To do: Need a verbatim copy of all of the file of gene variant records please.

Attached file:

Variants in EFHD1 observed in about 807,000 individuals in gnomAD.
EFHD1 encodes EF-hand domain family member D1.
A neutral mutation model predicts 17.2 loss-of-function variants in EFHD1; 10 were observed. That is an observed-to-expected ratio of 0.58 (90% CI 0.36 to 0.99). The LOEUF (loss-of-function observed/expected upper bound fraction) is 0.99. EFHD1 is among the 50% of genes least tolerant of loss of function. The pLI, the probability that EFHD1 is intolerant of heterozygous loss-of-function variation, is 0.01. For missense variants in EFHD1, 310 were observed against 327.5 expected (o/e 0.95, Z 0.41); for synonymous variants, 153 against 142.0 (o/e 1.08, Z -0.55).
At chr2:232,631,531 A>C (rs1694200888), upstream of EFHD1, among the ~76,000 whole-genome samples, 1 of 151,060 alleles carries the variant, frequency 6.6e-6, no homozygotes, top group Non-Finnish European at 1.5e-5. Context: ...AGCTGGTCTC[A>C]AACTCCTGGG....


Variants in EFHD1 observed in about 807,000 individuals in gnomAD.
EFHD1 encodes EF-hand domain family member D1.
A neutral mutation model predicts 17.2 loss-of-function variants in EFHD1; 10 were observed. That is an observed-to-expected ratio of 0.58 (90% CI 0.36 to 0.99). The LOEUF (loss-of-function observed/expected upper bound fraction) is 0.99. EFHD1 is among the 50% of genes least tolerant of loss of function. The pLI, the probability that EFHD1 is intolerant of heterozygous loss-of-function variation, is 0.01. For missense variants in EFHD1, 310 were observed against 327.5 expected (o/e 0.95, Z 0.41); for synonymous variants, 153 against 142.0 (o/e 1.08, Z -0.55).
At chr2:232,631,531 A>C (rs1694200888), upstream of EFHD1, among the ~76,000 whole-genome samples, 1 of 151,060 alleles carries the variant, frequency 6.6e-6, no homozygotes, top group Non-Finnish European at 1.5e-5. Context: ...AGCTGGTCTC[A>C]AACTCCTGGG....